Examines people's collective behavior and those factors that result in genocidal behavior.
This is the first book of its kind that combines state-of-the-art psychological assessment experience with the expertise of a homicide investigator who has tracked some of this country s most notorious serial killers.
Time does not heal all wounds: decades after a disaster, entire communities may still experience the long-term effects of trauma. Sociodrama and Collective Trauma examines the psychological and social damage of trauma to society as a whole. Kellermann argues that collective trauma has been insufficiently considered; his timely book suggests practical ways of facilitating the rehabilitation of survivors of collective trauma through, for example, sociodrama and related group work. The author develops methods for understanding the past and preparing for the future and provides a wealth of case studies based on 30 years' experience of treating survivors of war trauma and other forms of disaster. Combining a systematic theoretical approach with a practical methodology, this insightful book is invaluable for drama therapists, group therapists, mental health professionals and counsellors.
Infanticide, serial killings, war, terrorism, abortion, honour killings, euthanasia, suicide bombings and genocide; all involve taking of life. Put most simply, all involve killing one or more other people. Yet cultural context influences heavily how one perceives all of these, and indeed, some readers of this paragraph may already have thought: 'But surely that doesn't belong with those others, that's not really killing.' Why We Kill examines violence in many of its manifestations, exploring how culture plays a role in people's understanding of violent action. From the first chapter, which tries to understand multiple forms of domestic homicide including infanticide, filicide, spousal homicide and honour killings, to the final chapter's bone-chilling account of the massacre at Murambi in Rwanda, this fascinating book makes compelling reading.
In the pages of The Professional Serial Killer and the Career of Ted Bundy, you will find yourself eerily intrigued as the serial killer introduces himself to you. Say hello to your neighbor, partner, son, or daughter-whose dual identity now includes the facade of Politician, Clergyman, Lawyer, Contractor, or Compliance Officer. Your imagination will spark as you slowly but gradually become enamored to the serial killer's ingenuity, as an entrepreneur in the art of murder. Now that you are chillingly mesmerized by his charm, the serial killer takes great pleasure in his sting operation. Thrilled as he passionately and addictively perfects his art, the killer creatively refines his ruse for capturing his victims. In order to inflict the highest level of horror and pain each scene is designed to give the killer an ultimate high of sadistic pleasure. As you reel back and forth, from the disdain you feel for the killer, a sudden and unsuspecting sinking feeling erupts through your very being. The sensation that this is not a horror movie, illuminates your mind, and grasps your fascination with the question: How did this happen? A more intriguing question may be: When did this start? You may want to ask three-year old Ted Bundy.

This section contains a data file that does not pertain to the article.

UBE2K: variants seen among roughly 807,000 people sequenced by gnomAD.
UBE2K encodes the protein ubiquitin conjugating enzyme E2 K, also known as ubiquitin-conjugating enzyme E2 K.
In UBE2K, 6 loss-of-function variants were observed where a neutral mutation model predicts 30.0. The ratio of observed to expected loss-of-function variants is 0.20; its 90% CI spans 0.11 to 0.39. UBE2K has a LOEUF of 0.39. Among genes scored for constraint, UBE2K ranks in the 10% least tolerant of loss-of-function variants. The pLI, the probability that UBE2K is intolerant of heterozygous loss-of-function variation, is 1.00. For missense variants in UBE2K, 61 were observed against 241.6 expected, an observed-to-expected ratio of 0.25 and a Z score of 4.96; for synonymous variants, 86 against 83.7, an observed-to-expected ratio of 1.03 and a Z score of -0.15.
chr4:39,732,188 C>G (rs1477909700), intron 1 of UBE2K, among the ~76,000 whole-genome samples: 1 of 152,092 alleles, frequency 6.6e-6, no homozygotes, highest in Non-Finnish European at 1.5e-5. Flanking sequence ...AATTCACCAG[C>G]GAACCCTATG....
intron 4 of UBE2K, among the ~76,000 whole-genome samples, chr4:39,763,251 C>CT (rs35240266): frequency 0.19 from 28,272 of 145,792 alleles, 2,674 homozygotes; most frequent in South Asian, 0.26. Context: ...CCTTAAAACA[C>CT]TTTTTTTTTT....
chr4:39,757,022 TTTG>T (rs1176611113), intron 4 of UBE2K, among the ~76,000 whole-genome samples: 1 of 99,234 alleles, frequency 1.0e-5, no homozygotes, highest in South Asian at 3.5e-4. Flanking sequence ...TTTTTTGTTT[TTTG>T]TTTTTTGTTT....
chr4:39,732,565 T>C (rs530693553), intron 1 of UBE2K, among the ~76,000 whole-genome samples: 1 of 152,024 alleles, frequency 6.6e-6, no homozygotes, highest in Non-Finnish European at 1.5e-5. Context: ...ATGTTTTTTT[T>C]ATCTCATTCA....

This book offers a novel and productive explanation of why 'ordinary' people can be moved to engage in destructive mass violence (or terrorism and the abuse of rights), often in large numbers and in unexpected ways. Its argument is that narratives of insecurity (powerful horror stories people tell and believe about their world and others) can easily make extreme acts appear acceptable, even necessary and heroic. As in action or horror movies, the script dictates how the 'hero' acts. The book provides theoretical justifications for this analysis, building on earlier studies but going beyond them in what amount to a breakthrough in mapping the context of mass violence. It backs its argument with a large number of case studies covering four continents, written by prominent scholars from the relevant countries or with deep knowledge of them. A substantial introduction by the UN's Special Advisor on the Prevention of Genocide demonstrates the policy relevance of this path-breaking work.